While you can’t change how people interpret your behavior, transition rituals can help you feel more grounded, whether you have an hour for lunch or just 60 seconds between meetings. This can look like stretching, taking a deep breath, drinking some water, grabbing a bio break, or getting up and moving around.
When you’re depressed, you’re more likely to take on other people’s self-doubts as if they were your own. If someone is concerned about your apparent silence, consider that this could reflect their own insecurities about taking up too much airtime.
Celebrating wins is probably the hardest one for me. I seem to have a memory block anytime someone pays me a compliment or sends me a kind message.
Alternatively, if I receive criticism, I can repeat these remarks verbatim. With depression or anxiety, it can feel as though your mind is hardwired to absorb negative input and filter out anything positive.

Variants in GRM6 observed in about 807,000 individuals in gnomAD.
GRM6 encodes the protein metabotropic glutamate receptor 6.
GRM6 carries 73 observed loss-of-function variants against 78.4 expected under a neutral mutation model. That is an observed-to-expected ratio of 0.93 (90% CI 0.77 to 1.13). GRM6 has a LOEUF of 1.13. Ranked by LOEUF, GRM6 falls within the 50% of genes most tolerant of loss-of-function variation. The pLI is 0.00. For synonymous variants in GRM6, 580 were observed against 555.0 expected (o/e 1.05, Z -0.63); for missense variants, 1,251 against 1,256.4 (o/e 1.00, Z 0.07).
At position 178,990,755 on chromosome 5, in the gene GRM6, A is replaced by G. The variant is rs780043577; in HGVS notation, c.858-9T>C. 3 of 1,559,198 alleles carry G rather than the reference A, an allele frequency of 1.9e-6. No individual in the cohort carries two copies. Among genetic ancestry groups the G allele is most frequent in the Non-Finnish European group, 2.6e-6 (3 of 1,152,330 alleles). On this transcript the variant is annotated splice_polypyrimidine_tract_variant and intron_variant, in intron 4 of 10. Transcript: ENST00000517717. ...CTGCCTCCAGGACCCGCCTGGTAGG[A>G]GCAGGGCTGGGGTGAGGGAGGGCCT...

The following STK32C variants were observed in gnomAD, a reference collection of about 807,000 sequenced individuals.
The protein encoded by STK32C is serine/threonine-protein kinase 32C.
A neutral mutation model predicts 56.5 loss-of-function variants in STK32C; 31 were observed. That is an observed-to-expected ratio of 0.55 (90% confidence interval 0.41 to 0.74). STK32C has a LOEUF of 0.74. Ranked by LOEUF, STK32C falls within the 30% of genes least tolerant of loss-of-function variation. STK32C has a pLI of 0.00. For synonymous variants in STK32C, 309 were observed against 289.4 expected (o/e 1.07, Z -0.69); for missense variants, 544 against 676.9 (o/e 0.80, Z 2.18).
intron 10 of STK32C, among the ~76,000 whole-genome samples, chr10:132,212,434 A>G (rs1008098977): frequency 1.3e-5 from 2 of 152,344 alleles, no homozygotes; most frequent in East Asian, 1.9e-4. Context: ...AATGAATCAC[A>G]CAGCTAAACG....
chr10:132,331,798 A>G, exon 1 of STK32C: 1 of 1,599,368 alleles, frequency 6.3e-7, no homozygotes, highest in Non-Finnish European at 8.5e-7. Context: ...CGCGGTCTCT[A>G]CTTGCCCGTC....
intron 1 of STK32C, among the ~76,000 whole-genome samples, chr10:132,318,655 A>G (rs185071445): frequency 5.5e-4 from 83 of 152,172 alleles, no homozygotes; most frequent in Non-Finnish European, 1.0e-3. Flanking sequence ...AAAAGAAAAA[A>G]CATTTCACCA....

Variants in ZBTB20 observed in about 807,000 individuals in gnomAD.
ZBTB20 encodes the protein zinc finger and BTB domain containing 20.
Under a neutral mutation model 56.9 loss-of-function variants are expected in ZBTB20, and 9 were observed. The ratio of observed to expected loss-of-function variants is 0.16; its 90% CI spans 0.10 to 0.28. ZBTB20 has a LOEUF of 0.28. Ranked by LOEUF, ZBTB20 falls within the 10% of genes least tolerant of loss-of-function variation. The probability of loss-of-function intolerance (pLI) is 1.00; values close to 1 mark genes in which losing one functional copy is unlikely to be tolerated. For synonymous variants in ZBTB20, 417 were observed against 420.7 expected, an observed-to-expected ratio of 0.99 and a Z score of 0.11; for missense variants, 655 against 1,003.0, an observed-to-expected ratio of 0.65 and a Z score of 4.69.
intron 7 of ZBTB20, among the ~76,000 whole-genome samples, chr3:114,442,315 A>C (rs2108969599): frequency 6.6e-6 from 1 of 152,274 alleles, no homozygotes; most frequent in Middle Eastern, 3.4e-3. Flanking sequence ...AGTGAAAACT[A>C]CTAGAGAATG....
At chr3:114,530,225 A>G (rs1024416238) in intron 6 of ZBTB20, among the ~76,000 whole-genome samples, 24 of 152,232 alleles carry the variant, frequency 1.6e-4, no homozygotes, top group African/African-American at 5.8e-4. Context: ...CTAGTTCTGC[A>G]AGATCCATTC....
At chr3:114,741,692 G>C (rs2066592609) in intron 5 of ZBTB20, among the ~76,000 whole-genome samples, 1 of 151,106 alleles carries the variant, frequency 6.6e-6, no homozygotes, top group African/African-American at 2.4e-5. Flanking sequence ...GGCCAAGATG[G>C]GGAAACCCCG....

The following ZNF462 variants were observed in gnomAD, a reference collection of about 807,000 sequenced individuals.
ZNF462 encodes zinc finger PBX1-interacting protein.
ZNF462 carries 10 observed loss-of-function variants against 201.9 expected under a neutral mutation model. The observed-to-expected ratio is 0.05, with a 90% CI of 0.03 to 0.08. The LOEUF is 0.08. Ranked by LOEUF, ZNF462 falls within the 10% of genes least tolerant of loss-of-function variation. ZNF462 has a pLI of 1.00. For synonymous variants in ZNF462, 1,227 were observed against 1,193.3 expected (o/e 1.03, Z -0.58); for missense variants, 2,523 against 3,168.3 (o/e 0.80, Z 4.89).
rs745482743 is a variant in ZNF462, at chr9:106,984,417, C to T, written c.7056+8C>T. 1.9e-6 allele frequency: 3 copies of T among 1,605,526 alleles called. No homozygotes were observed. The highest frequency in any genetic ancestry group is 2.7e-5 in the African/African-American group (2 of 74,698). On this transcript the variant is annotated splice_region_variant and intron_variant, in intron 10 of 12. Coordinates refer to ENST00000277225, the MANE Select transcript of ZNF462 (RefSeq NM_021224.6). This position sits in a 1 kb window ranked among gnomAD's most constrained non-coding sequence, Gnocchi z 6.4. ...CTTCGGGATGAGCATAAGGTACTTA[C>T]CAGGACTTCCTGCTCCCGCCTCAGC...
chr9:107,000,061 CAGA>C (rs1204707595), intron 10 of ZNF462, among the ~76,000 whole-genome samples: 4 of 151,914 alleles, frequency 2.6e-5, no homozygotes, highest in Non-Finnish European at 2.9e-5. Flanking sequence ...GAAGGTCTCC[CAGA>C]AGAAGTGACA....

Transition rituals can help you make it a regular practice to acknowledge positive experiences. And they don’t have to be tied to a source of external validation like praise from your partner or whether you get a job offer.
In fact, it’s better if you can build rituals around internal sources of validation, which add to self-esteem. For example, I’ll practice self-talk by saying:
If self-talk feels strange, you can try other soothing activities like journaling, taking a bath, lighting a candle, or listening to music.
A mental reset can improve your mood and concentration. Rituals work by telling your brain that it’s OK to shift gears and, therefore, counteract negative thoughts, like “I don’t deserve a break until I’ve earned it” or “If I prioritize my mental health, I’ll never be able to get started again.”
Keep in mind that you’re working on creating bookends that bring a sense of order and continuity to your day. Transition rituals aren’t a quick fix for something as complex as depression.
It’s a good idea to try out different rituals and find what works to lower stress. Take stock of the little things that are going right this week, which can be easily clouded by depression and anxiety.
Medically reviewed on May 16, 2023